The proposed acquisition of two new police vehicles to replace two current patrol cars was reduced to one vehicle – a 2009 six-cylinder Chevrolet with new equipment and fittings for $21,309. Oxford Police Chief Clark Miller said he would nurse the other vehicle through with repairs.
The council also discussed putting additional limits on the amount of salary that could be offered for the hire of a recently vacated officer position, but decided against it, and simply specified a pay grade of 13, which ranges from $24,890 to $37,874.
The city council talked with landowner Curtis Jackson about a proposed swap of four to five sewer line taps in return for about 200 square feet of land for the widening of Moore Street. Smith estimated each tap would cost the city about $3,800.
• Jackson replied that if the city decided to condemn the land, the cost of going through the courts and attorneys would be more than $16,000. The council further discussed the issue in a closed executive session with the city attorney.
Several local candidates running for office stopped by to introduce themselves to the city council, including Democrat Rudy Cox of McDonough, who is running for the state senate seat in District 17, Board of Commissioners District 5 candidate Republican Tim Fleming and sheriff candidate Republican Bill Watterson. State Sen. John Douglas (R-Social Circle) also spoke about the state budget cuts.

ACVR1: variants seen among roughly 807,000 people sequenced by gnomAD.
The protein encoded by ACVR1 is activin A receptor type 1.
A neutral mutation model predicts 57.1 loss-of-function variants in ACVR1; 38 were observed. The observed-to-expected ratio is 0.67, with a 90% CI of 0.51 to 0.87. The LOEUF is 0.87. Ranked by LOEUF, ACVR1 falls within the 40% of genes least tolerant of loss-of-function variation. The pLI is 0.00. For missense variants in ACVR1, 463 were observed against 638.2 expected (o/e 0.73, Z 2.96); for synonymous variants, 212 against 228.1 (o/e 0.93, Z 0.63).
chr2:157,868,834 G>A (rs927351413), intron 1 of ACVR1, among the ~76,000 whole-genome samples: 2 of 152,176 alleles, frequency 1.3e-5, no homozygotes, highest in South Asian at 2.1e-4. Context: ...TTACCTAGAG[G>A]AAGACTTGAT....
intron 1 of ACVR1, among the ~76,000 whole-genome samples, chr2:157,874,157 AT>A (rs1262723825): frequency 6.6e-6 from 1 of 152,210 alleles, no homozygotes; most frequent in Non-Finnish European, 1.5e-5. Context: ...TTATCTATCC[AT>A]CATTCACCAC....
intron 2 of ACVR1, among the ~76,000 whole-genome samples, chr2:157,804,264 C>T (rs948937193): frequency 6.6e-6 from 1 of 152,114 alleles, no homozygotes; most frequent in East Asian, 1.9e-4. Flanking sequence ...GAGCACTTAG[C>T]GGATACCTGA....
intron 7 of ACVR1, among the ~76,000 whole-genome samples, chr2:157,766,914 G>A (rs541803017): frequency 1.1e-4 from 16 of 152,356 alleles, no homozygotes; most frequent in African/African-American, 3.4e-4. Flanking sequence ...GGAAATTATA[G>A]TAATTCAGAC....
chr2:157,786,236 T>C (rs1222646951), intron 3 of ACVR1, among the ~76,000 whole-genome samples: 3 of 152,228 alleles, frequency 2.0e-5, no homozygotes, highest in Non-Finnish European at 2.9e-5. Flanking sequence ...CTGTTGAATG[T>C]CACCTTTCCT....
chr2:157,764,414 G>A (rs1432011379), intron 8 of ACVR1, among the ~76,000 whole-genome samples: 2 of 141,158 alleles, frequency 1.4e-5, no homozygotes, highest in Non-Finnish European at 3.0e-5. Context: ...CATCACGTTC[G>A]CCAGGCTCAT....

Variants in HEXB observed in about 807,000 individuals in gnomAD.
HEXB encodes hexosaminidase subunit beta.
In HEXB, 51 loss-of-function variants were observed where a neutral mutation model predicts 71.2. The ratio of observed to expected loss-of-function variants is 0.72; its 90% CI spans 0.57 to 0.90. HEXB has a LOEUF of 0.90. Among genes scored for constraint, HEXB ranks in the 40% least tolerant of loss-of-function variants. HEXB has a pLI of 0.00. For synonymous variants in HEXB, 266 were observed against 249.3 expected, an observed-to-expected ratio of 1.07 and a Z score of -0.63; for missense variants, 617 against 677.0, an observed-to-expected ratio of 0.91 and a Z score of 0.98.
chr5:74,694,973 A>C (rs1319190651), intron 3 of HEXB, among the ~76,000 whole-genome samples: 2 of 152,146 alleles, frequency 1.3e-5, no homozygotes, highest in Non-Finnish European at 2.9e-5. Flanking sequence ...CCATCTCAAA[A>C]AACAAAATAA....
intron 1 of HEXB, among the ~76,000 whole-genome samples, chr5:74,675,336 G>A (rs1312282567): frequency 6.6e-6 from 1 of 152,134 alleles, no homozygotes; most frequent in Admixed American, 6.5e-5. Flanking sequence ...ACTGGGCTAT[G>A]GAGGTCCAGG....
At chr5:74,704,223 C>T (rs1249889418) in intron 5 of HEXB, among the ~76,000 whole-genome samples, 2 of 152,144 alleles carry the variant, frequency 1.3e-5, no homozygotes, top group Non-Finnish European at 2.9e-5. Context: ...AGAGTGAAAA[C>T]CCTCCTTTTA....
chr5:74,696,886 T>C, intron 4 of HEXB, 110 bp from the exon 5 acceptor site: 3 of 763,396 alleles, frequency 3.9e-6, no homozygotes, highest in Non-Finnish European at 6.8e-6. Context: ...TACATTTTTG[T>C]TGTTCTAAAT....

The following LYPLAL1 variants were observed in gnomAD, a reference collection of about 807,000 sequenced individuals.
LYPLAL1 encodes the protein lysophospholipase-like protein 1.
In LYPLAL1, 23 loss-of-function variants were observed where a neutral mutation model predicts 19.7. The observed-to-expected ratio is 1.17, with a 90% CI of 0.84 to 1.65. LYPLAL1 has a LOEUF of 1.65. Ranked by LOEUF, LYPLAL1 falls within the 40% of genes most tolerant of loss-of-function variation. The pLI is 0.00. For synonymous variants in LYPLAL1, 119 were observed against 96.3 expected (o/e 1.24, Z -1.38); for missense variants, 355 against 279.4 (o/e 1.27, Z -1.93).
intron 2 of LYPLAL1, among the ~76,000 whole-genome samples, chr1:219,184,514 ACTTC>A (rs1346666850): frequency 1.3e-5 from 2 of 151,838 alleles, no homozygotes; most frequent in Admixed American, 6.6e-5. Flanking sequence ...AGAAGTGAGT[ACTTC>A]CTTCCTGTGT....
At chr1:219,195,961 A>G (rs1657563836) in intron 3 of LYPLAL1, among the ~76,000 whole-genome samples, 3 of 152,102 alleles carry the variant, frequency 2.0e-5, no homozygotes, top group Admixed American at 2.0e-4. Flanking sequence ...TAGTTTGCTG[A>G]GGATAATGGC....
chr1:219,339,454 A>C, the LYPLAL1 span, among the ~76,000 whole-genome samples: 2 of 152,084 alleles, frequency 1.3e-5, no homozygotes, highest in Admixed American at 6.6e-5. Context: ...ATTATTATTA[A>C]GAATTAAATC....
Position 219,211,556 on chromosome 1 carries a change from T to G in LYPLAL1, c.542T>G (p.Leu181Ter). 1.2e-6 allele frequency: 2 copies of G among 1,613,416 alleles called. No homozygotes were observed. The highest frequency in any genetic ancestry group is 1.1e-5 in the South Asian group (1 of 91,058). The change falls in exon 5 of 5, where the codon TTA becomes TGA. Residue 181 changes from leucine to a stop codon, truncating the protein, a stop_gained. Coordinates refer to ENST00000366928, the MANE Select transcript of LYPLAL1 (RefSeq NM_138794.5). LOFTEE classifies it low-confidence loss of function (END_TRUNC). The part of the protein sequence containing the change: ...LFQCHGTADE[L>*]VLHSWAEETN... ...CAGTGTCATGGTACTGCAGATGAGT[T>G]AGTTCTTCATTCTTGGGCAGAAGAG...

• The council approved the application for occupational tax licenses of Stories Coffeehouse, to be run by Victory Tabernacle Church in the Old Rock Store on Emory Street, and Ellis’ Window Cleaning, which would have its address at a private home but reportedly not have any chemicals stored there.
A special work session to discuss the 2009 budget was scheduled for Oct. 13, and a session to discuss non-financial matters was set for Oct. 20.
Erik Oliver, special assistant to the dean of Oxford College, extended a special invitation to Oxford residents for tours of the new dormitory building on Oct. 13, at 10 a.m., 2 p.m. or 3 p.m. Tours to the wider public would be available as well at a future date. For reservations or more information, call (770) 784-4692 or email firstname.lastname@example.org.